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Growth in Malibu Public Services, 1970-1991
Malibu's public services also gained during this period, filling out the infastructure required to support the residential and commercial development.
In the flood plain of Malibu Creek, on formerly agricultural land, the Malibu Civic Center Complex, housing courts, the Sheriff, and other County services, was built by Los Angeles County during 1970. In 1973 the single-judge Malibu Justice Court was upgraded to be a Municipal Court with multiple judges. Under California procedures this required demonstrating that the court would serve a population of 40,000 which was reached by combining Malibu with Calabasas and other nearby unincorporated communities.
The Malibu Library, a branch of the Los Angeles Public Library, moved into its present 16,530 square feet Civic Center location in 1970, replacing bookmobile service that used to serve residents in Topanga Canyon and along PCH.
To service the rapidly growing communities inland, the Tapia Water Treatment Plant was constructed by the Las Virgenes Municipal Water District at its Malibu Canyon site in 1972. Treated water was discharged into Malibu Creek, permanently altering the historical flows. It was soon noticed that Malibu Lagoon water quality deteriorated. Studies demonstrated that treated water was rich in nitrates and other contaminants that were distorting Malibu Creek's natural conditions. To cope with the changed water levels in the lagoon, lifeguards had to open a channel across the beach from time to time to prevent Malibu Colony residents' septic systems from backing up.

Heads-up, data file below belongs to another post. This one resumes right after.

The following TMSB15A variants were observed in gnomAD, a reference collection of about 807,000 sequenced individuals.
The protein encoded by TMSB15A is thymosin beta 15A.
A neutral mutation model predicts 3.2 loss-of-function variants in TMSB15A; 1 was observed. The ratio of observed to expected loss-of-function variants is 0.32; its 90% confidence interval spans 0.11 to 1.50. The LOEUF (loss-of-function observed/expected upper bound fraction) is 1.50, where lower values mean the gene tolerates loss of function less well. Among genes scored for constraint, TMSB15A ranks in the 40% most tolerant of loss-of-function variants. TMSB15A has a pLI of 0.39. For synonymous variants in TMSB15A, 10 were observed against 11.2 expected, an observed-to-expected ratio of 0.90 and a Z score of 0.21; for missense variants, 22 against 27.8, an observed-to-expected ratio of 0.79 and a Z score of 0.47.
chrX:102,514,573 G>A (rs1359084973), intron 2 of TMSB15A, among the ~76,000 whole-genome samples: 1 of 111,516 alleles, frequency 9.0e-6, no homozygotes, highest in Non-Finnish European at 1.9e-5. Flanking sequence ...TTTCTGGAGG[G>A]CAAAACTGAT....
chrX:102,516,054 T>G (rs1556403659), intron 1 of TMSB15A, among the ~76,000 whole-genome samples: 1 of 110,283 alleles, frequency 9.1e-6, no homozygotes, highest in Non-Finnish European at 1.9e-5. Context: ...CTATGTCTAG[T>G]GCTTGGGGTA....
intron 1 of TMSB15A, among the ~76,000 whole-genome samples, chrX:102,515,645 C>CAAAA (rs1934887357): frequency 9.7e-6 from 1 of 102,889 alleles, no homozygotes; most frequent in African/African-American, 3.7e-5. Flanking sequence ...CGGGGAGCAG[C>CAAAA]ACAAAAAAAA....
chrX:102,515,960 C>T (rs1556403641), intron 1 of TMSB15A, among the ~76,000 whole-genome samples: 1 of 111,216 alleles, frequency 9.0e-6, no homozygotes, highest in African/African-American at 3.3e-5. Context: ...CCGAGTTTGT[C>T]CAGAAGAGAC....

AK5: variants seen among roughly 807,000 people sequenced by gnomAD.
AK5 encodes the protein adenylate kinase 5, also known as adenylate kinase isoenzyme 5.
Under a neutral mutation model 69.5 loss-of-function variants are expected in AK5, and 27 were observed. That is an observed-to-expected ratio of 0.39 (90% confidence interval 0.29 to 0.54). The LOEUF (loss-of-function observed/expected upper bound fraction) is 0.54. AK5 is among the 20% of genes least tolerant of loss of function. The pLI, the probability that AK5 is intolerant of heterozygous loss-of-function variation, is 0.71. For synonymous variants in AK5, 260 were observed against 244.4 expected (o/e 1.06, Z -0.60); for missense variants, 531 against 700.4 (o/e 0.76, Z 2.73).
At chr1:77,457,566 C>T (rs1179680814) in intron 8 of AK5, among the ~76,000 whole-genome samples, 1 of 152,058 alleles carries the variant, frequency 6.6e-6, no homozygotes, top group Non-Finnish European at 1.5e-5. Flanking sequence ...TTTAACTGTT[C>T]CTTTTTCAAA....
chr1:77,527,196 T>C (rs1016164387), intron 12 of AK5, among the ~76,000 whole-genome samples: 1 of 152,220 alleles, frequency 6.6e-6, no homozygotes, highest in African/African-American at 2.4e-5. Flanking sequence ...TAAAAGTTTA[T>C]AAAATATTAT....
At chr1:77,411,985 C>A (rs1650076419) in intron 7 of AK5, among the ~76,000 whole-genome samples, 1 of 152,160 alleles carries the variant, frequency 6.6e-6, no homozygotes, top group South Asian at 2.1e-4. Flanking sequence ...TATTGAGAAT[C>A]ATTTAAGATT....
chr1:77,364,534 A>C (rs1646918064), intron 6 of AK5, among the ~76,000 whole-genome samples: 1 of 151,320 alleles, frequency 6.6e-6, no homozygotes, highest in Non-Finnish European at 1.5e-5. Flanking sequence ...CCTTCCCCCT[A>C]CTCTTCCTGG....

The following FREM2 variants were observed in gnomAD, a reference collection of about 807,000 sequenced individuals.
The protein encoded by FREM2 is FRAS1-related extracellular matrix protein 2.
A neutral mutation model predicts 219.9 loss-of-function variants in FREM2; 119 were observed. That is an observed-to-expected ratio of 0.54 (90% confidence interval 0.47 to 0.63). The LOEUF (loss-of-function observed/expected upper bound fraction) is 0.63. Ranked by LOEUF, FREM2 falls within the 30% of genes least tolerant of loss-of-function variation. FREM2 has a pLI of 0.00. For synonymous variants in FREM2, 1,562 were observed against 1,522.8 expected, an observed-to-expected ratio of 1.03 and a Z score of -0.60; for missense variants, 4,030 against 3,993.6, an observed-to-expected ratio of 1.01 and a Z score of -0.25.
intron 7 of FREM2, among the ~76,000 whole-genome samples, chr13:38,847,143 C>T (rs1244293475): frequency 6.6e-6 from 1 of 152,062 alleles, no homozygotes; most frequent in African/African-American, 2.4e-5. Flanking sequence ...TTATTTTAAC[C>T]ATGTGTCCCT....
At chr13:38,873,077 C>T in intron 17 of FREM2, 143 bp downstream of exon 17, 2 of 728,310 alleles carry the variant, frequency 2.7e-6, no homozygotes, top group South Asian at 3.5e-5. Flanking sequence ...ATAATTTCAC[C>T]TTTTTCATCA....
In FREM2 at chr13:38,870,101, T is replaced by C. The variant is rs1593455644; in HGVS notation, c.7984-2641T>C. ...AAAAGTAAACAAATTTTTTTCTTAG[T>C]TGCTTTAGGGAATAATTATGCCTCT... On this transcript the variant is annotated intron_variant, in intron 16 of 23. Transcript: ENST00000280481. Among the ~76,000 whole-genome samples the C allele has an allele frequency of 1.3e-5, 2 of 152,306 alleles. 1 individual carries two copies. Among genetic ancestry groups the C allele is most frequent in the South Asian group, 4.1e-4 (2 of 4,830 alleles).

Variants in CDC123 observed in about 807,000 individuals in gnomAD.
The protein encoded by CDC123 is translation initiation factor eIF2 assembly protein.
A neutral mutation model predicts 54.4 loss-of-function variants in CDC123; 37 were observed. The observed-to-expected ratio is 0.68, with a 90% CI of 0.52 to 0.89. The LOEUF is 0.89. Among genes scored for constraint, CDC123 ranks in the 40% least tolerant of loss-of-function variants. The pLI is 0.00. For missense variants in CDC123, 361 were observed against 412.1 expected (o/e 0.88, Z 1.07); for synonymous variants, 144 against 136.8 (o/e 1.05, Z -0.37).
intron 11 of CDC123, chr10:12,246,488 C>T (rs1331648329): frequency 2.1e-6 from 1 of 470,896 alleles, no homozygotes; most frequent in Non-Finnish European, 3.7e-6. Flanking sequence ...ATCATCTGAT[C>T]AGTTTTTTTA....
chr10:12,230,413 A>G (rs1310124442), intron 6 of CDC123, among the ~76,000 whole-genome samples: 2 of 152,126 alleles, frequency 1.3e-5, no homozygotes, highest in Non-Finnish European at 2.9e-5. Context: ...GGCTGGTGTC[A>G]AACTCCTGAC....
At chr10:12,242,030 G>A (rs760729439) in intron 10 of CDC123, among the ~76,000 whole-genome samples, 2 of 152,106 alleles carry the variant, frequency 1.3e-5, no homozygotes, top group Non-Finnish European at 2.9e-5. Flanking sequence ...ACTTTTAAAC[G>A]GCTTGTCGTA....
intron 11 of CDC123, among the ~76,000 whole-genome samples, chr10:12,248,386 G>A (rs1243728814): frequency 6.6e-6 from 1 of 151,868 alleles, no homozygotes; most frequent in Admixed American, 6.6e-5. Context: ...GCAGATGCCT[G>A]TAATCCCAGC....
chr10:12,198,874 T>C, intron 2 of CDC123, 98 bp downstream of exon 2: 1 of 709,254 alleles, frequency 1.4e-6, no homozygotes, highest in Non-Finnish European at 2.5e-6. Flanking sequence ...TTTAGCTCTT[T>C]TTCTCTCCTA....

In 1974, the Getty Museum opened its new building to the public, replacing the ranch house used since 1953.
U.S. Mail service expanded considerably with the opening of two post office box units, at Carbon Beach (La Costa) in 1982 and Zuma Beach in 1984, and the addition of Colony Annex in 1986. These facilities were followed by the opening of the new Point Dume Station on Heathercliff Road in 1992 and the relocation of the Colony window and box facilities to the Malibu Colony Plaza in January 1992.
The California Department of State Parks and Recreation (DPR) bought Malibu Bluffs in 1979 and in 1983 the City of Malibu moved the Little League fields from Malibu Lagoon to the Bluffs by signing a temporary agreement with the State. That arragement lasted until 2002, leading to a dilemma about where to relocate the ball fields when the State expands visitor facilities at Bluffs Park.
In 1989, increasing pressure from the Immigration and Naturalization Service (INS) and concern for the plight of day laborers in Malibu, led to the creation of the Labor Exchange.
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